March of the machines

Fly Title: 

Buttonwood

Rubric: 

Helicopter money sounds radical. It may not be that much of a departure

WOULD “helicopter money” (the use of newly created money to finance government spending or tax cuts) be a revolutionary break from existing monetary policy? Its advocates argue that the tactic would give the global economy a much-needed boost; its detractors see it as a further step on the path towards fiscal irresponsibility and hyperinflation.
A paper from Toby Nangle of Columbia Threadneedle, a fund-management group, argues that helicopter money is not as radical a leap as you might think. Money is created in two ways. By far the largest proportion is generated by the banking sector when it lends to consumers or businesses. The bank creates a deposit in the name of the borrower which can then be spent. Mr Nangle refers to this as “inside money”. The other type, which he calls “outside money”, is that created by the government and central bank, including the notes and coins that everyone carries …

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What’s the key to helping a child born in poverty make it to the middle class? Some say it’s good preschool, others say a college diploma. For one advocate, the time to help is at the end of college.

via Economy : NPR http://ift.tt/1YyrGKW

UK Only Article: 
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Issue:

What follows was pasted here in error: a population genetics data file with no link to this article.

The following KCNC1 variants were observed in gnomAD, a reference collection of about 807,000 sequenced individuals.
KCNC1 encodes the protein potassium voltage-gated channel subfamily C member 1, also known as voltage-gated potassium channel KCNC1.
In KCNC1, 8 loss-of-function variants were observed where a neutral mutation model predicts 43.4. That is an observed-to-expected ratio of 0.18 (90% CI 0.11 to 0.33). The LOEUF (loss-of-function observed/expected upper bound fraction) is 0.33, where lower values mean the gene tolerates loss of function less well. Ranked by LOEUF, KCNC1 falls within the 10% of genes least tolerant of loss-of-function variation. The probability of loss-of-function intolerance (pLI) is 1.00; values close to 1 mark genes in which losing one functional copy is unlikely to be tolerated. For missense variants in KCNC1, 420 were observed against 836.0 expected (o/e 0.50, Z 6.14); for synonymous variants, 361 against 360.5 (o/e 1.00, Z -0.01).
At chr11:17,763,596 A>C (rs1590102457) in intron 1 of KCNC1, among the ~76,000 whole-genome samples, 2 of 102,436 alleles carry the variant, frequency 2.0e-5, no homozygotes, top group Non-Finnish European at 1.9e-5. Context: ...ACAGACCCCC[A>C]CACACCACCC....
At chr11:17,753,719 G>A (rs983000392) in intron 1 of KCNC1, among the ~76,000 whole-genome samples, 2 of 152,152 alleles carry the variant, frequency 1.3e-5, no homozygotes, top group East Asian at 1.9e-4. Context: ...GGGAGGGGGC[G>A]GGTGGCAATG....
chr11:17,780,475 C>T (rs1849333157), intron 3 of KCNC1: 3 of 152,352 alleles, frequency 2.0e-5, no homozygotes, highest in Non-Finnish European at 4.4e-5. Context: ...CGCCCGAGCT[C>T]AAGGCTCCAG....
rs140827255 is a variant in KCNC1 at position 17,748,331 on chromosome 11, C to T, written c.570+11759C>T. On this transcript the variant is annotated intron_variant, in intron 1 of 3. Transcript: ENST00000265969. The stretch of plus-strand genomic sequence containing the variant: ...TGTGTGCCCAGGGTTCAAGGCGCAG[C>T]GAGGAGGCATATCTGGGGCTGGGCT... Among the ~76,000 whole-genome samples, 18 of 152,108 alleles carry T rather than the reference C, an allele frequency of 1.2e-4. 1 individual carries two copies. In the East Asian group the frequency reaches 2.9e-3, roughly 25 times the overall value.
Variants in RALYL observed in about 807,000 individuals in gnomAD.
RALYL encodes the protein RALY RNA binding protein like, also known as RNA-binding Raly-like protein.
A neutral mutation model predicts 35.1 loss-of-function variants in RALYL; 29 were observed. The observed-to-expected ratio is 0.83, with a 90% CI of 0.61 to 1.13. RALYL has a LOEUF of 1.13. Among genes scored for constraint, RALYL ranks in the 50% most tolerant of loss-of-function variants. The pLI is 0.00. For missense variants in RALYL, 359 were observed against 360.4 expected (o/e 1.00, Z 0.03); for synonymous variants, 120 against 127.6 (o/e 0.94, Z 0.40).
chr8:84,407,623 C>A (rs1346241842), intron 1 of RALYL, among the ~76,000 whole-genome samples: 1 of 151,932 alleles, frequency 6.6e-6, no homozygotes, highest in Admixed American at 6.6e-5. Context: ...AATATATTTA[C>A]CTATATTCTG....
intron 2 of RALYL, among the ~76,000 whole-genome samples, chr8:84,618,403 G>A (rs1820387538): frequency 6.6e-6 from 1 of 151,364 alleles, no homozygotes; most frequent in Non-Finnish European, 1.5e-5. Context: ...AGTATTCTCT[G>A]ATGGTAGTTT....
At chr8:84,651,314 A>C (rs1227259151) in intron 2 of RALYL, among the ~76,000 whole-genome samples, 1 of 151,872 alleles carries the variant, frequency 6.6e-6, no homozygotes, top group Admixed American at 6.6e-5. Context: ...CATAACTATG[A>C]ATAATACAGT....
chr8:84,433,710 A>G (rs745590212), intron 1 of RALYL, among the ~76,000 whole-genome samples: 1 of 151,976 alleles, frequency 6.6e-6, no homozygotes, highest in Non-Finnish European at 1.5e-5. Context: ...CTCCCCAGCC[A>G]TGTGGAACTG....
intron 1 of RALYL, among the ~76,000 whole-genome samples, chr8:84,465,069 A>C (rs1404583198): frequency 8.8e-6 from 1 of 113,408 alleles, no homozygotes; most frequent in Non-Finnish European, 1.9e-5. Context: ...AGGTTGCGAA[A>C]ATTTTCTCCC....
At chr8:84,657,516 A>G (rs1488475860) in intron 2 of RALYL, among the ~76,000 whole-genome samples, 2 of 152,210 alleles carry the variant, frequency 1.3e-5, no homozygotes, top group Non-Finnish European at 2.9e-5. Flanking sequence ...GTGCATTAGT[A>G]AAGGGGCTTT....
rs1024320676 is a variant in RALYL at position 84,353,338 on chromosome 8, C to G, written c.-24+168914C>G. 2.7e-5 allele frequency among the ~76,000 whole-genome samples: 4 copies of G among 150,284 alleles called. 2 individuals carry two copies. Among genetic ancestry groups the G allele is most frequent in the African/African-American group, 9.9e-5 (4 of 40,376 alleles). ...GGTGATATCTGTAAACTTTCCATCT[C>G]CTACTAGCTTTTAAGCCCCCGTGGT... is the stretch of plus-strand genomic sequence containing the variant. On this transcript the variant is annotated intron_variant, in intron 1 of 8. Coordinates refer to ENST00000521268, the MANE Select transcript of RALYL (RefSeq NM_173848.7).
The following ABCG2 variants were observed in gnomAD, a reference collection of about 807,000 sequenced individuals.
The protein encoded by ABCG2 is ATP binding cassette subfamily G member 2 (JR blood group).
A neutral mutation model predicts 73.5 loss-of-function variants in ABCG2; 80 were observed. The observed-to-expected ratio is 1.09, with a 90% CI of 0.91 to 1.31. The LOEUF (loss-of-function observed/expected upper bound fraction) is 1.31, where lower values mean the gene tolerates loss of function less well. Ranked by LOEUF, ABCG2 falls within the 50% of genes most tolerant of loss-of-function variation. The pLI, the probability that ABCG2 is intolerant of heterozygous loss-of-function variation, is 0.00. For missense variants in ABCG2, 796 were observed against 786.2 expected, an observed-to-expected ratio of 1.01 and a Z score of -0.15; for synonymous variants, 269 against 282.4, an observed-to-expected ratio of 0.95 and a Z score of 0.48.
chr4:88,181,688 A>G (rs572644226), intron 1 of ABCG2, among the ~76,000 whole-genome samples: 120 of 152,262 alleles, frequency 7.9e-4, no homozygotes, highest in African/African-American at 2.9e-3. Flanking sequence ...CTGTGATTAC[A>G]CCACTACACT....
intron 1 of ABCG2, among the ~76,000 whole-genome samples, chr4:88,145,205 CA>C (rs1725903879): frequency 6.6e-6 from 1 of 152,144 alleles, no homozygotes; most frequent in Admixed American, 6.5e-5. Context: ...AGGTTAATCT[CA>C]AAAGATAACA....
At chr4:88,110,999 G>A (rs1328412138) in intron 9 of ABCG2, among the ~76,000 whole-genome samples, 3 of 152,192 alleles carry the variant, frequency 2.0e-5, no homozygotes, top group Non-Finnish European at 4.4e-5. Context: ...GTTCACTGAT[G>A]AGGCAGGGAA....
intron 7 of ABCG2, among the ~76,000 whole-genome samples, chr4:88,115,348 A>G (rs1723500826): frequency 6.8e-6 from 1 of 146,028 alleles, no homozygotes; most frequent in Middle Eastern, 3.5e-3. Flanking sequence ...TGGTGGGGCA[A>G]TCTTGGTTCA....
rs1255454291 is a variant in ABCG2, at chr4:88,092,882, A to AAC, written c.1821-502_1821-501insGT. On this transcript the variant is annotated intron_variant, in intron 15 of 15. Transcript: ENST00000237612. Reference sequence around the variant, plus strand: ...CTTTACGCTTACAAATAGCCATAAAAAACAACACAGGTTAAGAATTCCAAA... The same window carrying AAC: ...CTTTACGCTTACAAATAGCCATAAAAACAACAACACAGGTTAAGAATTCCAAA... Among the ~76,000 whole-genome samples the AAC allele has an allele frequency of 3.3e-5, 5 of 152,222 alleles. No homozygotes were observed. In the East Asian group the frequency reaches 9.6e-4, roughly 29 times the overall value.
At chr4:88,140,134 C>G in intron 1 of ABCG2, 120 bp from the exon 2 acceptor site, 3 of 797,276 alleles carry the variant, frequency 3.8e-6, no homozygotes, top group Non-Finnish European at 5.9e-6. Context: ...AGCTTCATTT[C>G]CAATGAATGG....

Divided we fall

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Nigeria floats its currency

Location: 

LAGOS

Main image: 

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Rubric: 

A slumping economy and high inflation prompt a much-needed reform

 
 
 
 

BARE shelves in supermarkets and soaring inflation would worry any central-bank governor. For Godwin Emefiele in Nigeria, the added twist is that both problems are partly his fault. The central bank’s policy of trying to maintain the value of the naira, Nigeria’s currency, in the face of a slump in the price of oil, which used to account for about 90% of the country’s export earnings, has failed miserably. Now it is being scrapped.
Mr Emefiele tried heroically to conserve the country’s dwindling reserves of foreign exchange. In effect, he banned the import of a huge range of goods, from tinned fish to toothpicks; arbitrarily rationed the supply of dollars from the central bank to …

via Economic Crisis http://ift.tt/1rs1LaK

UK Only Article: 
standard article

Issue: 

How to make a good teacher

Fly Title: 

America’s economy

Location: 

WASHINGTON, DC

Rubric: 

A weak jobs report belies the resilience of America’s economy

AMERICA’s labour market has become a reliable source of comfort when other economic indicators dismay. When growth slowed to just 0.8% in the first quarter of the year, economists were mostly unperturbed, because payrolls were growing by over 150,000 workers a month. Wage growth was picking up. Even labour-force participation was rising, after a long period of decline.
So the news on June 3rd that the economy created a mere 38,000 new jobs in May—the lowest total since 2010—was a nasty shock. Three days later Janet Yellen, the Fed’s chairman, hinted that she no longer favours raising interest rates this summer. This abrupt change of direction followed weeks of warnings from Fed officials that a rate rise was coming, perhaps as soon as the conclusion of the Fed’s next meeting on June 15th. That now looks all …